1. Alan has completed the new Pain Recovery Program. To read or share it, use this link: http://go.tmswiki.org/newprogram
    Dismiss Notice

Frustrated

Discussion in 'Support Subforum' started by Layne, Apr 30, 2013.

  1. Layne

    Layne Well known member

    Getting at that which my symptoms are covering up is like clawing my way out of a deep stone well. It's just.so.hard. I feel like it shouldn't be this hard. Can I really have developed defense mechanisms so sophisticated that it's THIS hard to get under them? Or am I making this harder than it has to be?
     
  2. Leslie

    Leslie Well known member

    I agree with you Layne, but try not to spend too much time on this thought, arguing with reality won't change it. See if you can try to just accept that the reality is that it is this hard. I believe you're up to the challenge!

    Of course! You are that smart and powerful AND you've been developing them over decades. They didn't just spring up yesterday so it's not likely that they're all going to dissolve over night. We start out developing the defense mechanisms thinking we're protecting ourselves from others. We practice and practice until they become automatic and then one day we realize that we've gotten soooo good at hiding our feelings that we actually have accomplished hiding them from ourselves.[/quote]

    Possibly. Looks like your perfectionist might have been getting the best of you when you wrote your post. As wonderful as that trait can be, I know for myself anytime that trait gets back in the driver's seat when it comes to TMS, the walls of the well go from being a climbing wall with notches just far enough apart to challenge but not far enough to be impossible, to solid polished marble. Tell your perfectionist to get lost and let you enjoy your vacation!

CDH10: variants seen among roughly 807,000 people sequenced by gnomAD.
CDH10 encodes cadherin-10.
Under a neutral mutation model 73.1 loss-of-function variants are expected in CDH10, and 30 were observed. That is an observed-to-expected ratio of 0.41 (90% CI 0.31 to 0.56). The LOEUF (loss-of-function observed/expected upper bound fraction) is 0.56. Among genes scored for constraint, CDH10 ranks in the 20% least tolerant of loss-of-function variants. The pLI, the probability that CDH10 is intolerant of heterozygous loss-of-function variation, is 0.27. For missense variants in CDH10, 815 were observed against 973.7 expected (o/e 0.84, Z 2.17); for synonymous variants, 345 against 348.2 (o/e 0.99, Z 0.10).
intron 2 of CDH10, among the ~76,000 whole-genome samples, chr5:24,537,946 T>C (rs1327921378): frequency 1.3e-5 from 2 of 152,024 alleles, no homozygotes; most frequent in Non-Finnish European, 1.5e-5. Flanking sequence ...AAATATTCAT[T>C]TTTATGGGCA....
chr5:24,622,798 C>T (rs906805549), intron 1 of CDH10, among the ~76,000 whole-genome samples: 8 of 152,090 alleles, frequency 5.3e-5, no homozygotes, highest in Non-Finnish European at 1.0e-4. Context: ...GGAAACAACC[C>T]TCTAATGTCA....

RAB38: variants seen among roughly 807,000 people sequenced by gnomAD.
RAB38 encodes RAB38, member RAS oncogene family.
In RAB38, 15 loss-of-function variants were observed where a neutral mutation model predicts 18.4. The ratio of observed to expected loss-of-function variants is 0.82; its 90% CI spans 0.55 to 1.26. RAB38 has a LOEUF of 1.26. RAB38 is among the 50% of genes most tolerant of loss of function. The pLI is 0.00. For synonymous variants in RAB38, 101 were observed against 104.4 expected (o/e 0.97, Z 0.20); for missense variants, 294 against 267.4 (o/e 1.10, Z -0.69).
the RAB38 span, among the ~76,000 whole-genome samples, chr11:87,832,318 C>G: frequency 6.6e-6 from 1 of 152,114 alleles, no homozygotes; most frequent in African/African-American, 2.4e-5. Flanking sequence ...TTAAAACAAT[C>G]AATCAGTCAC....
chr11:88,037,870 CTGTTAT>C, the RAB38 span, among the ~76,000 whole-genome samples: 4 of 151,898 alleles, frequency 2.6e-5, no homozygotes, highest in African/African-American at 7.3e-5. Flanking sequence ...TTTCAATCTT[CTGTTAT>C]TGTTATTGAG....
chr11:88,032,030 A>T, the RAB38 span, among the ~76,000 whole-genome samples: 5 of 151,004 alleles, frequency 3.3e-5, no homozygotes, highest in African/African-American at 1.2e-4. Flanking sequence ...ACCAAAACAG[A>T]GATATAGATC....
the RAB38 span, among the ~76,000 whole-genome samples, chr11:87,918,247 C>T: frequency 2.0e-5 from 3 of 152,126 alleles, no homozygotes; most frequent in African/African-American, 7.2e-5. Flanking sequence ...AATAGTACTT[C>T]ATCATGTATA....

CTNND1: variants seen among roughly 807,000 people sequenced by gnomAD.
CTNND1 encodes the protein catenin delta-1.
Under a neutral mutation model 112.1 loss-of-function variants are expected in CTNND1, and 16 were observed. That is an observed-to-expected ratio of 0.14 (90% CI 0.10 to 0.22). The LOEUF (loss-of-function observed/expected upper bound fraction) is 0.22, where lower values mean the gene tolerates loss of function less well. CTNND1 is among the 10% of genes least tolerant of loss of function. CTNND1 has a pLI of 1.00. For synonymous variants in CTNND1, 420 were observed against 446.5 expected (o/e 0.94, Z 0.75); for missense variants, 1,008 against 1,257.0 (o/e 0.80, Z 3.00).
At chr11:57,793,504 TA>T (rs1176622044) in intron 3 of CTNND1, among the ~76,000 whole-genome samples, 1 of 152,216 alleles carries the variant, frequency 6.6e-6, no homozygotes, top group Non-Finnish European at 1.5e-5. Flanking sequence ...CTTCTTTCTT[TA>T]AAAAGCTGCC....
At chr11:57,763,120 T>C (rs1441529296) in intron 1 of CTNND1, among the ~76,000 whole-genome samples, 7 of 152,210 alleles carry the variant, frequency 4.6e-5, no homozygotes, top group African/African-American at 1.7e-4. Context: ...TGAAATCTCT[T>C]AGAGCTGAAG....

3. Forest

    Forest Beloved Grand Eagle

    It is in our nature, as TMSers, to make everything harder than it has to be. Every time you try to do something perfectly, even recovering from TMS, you are repressing and increasing tension throughout your body. Recovering from TMS is not, necessarily, about uncovering the thing that you are repressing. That is part of the reason Sarno mentioned that some people recover just by accepting their pain is not structural. I tend to think this is because, when you do that you release so much tension and stress that you have built up inside of you. That is where healing can begin, when you overcome the stress, tension, and anxiety.

    Steve O had a great post a while back where he said, "If you are digging up some pain in your past that's fine, do it, but beware of psycho-archeology. Don't keep digging for gold in an empty tomb. I've seen therapists keep people crying for months digging up their past, picking at the same things repeatedly. There's a time to dig and a time to put the shovel down and bask in the sunlight, thankful there is work to do, and problems--that really aren't that bad."

    If digging into your past is frustrating you, then start to incorporate new ideas. There is a great post about this in the thread Importance of Addressing our Childhood. This post has more to do with the present instead of the past. Finding ways to bask in the sunlight may be exactly what you need.. For starters, check out http://www.tmswiki.org/forum/threads/ah-is-this-not-happiness.1947/ .
     
  4. Gigi

    Gigi Well known member

    There's a time to dig and a time to put the shovel down and bask in the sunlight, thankful there is work to do, and problems--that really aren't that bad."

    I love this quote! I'll try to use the basking imagery in my visualizations.
     
  5. myg

    myg New Member

    There's some great advice in this thread: